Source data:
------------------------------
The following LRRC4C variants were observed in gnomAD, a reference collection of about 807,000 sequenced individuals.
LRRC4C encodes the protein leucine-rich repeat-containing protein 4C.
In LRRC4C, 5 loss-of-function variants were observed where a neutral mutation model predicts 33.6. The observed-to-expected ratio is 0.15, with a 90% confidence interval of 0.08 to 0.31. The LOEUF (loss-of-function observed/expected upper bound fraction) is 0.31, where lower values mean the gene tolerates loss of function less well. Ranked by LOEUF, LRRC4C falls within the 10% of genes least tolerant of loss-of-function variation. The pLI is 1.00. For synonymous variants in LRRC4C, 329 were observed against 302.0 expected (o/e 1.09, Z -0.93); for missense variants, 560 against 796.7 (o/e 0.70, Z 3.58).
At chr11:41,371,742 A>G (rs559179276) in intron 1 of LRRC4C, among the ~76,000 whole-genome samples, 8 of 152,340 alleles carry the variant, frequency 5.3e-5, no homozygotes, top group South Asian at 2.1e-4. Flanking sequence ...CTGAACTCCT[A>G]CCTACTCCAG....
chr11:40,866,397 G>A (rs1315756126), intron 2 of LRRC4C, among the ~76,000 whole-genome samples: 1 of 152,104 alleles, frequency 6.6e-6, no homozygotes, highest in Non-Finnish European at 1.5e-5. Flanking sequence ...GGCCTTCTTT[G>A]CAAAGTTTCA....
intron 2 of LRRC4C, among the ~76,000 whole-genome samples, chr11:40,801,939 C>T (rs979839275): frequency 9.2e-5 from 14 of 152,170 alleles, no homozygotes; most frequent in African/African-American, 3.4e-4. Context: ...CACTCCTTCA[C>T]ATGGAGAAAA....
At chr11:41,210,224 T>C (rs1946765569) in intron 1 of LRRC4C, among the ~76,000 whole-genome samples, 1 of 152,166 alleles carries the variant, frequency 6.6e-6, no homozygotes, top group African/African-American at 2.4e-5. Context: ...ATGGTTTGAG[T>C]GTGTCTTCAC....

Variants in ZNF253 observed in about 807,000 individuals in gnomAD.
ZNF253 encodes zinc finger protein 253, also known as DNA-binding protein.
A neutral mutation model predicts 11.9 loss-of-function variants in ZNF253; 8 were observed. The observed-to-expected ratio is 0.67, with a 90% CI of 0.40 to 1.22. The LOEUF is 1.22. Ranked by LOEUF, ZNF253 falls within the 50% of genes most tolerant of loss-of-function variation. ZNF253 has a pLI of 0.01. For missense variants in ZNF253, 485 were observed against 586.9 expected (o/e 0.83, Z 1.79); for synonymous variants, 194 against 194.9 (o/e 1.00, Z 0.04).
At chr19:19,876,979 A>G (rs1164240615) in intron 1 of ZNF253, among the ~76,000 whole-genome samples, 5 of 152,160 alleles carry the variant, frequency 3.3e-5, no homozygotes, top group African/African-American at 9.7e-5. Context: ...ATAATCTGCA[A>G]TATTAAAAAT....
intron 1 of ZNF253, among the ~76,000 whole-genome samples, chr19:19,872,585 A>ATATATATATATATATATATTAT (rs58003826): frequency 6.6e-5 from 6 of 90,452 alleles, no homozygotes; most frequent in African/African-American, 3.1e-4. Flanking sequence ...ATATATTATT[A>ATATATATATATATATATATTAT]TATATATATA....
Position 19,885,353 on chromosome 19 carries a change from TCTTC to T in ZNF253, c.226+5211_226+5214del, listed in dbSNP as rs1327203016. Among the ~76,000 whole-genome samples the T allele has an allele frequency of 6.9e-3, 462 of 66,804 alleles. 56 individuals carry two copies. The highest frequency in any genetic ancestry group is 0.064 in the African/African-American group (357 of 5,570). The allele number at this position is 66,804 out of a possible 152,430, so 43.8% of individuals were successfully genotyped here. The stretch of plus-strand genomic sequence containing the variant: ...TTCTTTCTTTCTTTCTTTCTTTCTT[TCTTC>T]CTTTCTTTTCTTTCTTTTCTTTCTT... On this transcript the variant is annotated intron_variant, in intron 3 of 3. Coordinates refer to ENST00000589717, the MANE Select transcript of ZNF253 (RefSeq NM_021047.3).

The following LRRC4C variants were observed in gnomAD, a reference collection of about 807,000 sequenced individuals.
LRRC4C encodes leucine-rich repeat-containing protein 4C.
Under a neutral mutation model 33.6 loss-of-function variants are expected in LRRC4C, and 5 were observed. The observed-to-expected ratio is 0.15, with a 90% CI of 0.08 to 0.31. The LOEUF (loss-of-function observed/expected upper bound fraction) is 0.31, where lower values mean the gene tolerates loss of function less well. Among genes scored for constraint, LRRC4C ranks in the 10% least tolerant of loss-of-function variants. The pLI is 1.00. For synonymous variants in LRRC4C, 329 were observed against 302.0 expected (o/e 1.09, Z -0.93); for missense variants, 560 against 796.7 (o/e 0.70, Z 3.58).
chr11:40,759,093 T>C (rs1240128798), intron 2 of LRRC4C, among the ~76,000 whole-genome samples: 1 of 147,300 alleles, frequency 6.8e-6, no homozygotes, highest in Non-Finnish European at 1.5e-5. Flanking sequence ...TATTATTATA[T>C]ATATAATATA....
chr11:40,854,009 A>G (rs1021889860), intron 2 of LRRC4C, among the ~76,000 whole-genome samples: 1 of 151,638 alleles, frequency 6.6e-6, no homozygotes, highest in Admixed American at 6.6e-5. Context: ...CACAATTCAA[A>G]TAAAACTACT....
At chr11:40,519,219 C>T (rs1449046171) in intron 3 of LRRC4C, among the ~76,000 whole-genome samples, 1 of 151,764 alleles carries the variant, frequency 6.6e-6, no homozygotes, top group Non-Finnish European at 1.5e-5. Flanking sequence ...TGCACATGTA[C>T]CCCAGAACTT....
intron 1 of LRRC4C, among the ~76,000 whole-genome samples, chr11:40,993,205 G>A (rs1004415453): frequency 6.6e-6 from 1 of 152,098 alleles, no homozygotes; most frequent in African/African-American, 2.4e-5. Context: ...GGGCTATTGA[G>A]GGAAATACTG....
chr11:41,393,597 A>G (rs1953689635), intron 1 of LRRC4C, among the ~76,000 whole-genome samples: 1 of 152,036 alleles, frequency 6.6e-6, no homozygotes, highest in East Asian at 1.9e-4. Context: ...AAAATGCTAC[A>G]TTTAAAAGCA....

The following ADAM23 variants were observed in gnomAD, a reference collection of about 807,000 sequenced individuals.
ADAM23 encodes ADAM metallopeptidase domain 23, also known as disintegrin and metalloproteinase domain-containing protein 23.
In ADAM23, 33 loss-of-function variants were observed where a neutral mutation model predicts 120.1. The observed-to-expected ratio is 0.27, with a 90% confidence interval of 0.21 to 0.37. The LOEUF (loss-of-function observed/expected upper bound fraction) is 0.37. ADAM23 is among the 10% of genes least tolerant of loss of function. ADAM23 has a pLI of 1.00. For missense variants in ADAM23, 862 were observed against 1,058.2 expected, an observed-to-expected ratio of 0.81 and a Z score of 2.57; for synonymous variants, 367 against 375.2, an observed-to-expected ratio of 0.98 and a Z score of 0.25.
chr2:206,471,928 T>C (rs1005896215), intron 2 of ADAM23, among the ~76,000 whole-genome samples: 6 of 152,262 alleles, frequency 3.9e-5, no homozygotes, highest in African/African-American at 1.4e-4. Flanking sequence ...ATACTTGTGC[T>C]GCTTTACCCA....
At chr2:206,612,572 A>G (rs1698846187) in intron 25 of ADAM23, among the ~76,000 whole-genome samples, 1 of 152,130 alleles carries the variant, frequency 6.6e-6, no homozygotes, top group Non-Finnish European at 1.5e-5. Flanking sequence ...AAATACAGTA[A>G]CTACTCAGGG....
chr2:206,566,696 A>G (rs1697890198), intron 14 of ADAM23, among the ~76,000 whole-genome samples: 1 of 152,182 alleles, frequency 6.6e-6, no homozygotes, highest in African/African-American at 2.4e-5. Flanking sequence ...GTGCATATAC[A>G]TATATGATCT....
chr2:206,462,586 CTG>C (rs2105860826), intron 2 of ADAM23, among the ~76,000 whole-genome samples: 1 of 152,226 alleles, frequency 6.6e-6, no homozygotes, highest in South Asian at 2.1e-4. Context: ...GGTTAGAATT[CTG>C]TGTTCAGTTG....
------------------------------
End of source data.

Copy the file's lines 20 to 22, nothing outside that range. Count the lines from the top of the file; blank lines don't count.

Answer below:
intron 1 of LRRC4C, among the ~76,000 whole-genome samples, chr11:40,993,205 G>A (rs1004415453): frequency 6.6e-6 from 1 of 152,098 alleles, no homozygotes; most frequent in African/African-American, 2.4e-5. Context: ...GGGCTATTGA[G>A]GGAAATACTG....
chr11:41,393,597 A>G (rs1953689635), intron 1 of LRRC4C, among the ~76,000 whole-genome samples: 1 of 152,036 alleles, frequency 6.6e-6, no homozygotes, highest in East Asian at 1.9e-4. Context: ...AAAATGCTAC[A>G]TTTAAAAGCA....

The following ADAM23 variants were observed in gnomAD, a reference collection of about 807,000 sequenced individuals.